A Nashville senior was banned from prom for a suit, so a local business stepped in
A student denied entry to their Nashville high school prom is getting another chance to take part in the annual tradition thanks to their community.
B Hayes, an 18-year-old student at Nashville Christian School, was banned from going to their prom because they wore a suit and not a dress.
In a photo posted on Instagram over the weekend, Hayes stood outside of the facility holding a sign that read, "they wouldn't let me in because i'm in a suit."
Hayes wrote in the caption, "i should not have to conform to femininity to attend my senior prom. i will not compromise who i am to fit in a box. who are you to tell us what it means to be a woman?"
Nashville Christian School told NPR in a statement that it "has established dress requirements for daily school attendance and at our special events. All students and families are aware of and sign an agreement to these guidelines when they enroll."
The school said its "expectations regarding appropriate prom attire were communicated to this student and the student's family in advance of the prom. While we certainly respect a student's right to disagree, all of our students know from our school handbook that when they do not follow such expectations at school-sponsored events, they may be asked to leave."
In just a day, Hayes' post blew up and got on the radar of Nashville business owner and local mom Marcie Allen Van Mol.
"It just really upset me that this child was not allowed to attend their prom because they weren't wearing a dress. It is that simple of an issue. And it's not OK," Van Mol said of hearing Hayes' story.
She and her husband Derek Van Mol own AB Hillsboro Village, a live music and event space in the city.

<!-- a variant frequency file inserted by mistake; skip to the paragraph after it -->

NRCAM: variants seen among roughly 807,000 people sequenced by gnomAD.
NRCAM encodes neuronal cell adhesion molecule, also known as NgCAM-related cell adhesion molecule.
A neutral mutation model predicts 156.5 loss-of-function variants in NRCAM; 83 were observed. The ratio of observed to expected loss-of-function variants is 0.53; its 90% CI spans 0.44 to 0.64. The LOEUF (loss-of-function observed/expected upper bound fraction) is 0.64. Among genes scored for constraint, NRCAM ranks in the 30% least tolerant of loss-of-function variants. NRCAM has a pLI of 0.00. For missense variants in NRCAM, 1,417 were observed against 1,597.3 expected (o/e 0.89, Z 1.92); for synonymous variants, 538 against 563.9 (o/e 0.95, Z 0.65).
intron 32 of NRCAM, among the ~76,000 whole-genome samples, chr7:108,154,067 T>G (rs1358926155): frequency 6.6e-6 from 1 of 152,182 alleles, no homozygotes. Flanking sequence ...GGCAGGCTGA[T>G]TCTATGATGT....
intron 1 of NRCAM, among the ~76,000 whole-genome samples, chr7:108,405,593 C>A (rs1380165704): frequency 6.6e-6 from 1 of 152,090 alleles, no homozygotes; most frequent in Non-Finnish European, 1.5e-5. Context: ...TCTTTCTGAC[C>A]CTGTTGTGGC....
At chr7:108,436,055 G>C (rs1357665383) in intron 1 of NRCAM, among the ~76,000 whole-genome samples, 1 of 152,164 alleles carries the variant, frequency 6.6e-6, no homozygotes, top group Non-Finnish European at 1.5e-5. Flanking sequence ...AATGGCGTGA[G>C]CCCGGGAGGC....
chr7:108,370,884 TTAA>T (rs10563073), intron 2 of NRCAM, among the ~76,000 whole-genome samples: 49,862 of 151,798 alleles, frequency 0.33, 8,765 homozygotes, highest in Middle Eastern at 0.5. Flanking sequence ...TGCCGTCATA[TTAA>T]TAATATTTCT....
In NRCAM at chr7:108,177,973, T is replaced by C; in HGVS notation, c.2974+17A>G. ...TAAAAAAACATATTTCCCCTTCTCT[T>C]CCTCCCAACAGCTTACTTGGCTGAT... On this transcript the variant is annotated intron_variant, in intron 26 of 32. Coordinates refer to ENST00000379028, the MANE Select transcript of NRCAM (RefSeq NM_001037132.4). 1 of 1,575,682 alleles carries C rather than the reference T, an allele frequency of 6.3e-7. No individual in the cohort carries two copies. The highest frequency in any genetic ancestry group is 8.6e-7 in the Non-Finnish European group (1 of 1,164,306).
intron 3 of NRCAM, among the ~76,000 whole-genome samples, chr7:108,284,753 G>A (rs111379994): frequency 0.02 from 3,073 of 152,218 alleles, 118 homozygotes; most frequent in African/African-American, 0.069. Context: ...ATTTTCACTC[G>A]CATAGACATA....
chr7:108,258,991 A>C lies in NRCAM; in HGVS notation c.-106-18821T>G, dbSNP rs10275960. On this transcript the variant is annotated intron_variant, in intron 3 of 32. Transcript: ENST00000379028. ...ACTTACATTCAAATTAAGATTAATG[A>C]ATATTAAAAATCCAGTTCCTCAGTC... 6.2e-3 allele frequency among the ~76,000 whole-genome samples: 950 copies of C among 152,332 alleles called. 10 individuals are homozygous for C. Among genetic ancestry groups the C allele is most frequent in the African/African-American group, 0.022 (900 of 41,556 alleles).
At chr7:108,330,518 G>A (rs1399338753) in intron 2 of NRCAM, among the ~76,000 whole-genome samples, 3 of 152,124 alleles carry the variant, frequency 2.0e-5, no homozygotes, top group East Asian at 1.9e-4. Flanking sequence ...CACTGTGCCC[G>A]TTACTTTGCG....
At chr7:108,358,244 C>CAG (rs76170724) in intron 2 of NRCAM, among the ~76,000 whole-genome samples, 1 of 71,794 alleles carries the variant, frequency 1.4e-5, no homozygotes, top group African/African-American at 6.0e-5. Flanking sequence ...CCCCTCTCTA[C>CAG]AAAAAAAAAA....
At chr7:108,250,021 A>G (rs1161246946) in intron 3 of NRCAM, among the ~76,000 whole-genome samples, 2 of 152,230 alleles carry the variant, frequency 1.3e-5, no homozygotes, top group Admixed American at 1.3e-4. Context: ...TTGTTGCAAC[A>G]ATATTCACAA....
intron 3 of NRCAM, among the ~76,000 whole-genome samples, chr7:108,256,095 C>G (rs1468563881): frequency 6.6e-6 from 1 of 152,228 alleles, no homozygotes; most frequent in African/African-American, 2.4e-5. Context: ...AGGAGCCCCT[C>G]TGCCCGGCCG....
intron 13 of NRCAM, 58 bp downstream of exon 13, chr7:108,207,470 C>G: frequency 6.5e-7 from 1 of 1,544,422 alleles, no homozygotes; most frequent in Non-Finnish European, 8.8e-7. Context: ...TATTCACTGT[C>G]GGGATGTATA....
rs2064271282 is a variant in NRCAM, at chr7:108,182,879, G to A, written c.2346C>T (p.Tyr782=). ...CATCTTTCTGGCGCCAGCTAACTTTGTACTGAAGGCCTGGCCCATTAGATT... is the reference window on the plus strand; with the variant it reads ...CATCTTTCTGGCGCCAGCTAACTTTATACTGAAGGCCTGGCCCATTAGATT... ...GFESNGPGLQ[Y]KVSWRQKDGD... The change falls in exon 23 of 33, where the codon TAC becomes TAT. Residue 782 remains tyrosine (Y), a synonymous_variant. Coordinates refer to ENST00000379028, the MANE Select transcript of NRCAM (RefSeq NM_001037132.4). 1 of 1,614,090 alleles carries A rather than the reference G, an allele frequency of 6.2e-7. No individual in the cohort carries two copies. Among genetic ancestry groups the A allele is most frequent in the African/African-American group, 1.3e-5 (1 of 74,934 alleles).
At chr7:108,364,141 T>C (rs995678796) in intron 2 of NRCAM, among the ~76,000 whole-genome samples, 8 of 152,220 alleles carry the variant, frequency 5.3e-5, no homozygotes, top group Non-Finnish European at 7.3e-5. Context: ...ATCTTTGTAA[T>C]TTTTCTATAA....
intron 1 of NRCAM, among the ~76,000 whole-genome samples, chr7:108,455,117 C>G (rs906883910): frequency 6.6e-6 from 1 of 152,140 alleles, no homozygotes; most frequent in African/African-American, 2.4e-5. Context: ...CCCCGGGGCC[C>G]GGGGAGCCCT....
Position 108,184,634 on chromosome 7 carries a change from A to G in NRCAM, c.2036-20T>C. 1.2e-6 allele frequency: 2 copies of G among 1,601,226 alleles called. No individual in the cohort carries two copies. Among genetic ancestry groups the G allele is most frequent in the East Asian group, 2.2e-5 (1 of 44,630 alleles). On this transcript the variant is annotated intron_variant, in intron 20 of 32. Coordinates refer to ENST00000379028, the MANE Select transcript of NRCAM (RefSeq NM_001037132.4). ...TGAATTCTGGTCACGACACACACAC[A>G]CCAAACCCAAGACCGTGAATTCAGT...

"When we saw this we felt that it was really important to step up and use our platform to create a safe place for B to celebrate their prom," Van Mol said.
A second prom plan gets going
She was able to quickly get in touch with the student and asked: What if AB puts on a prom just for Hayes?
With their approval, Van Mol got the ball rolling.
She put a call out on social media for anyone looking to help. The idea "spread like wildfire," she said.
"My inbox exploded, I mean, just exploded. Everyone wants to help. And everyone wants to make sure that these students and children in Nashville feel safe and included," she said.
Local businesses have reached out to provide services for the event, including a photo booth and flowers. R&B musician Tone Stith is set to put on a private performance as well.
To help fund the evening, a GoFundMe account was also created by Allison Holley, the owner of Nashville's Apple & Oak. Any additional money donated in response to this effort is going to be given to Inclusion Tennessee and Oasis Center, two charities of Hayes' choosing.
And next month, Hayes and 25 of their friends will be getting their own private prom.
In a text to NPR, Hayes said, "I greatly appreciate the support from my city and my community. The love I have been shown by my friends and family will not be taken lightly."
They added, "I just ask that during this time I have the privacy to enjoy the rest of my senior year. I would also like for this attention to shift towards those who have experienced similar situation's, you are not alone and there are people in this world who will stand with you. I want to spread positivity and help others grow through this process. Thank you all so much for the love you show me!"
Van Mol also hopes this moment will go on to spread kindness and positivity.
She said, "It's just a little thing that we hope will go a long way and will inspire other communities across the country to say there is still good in the world."
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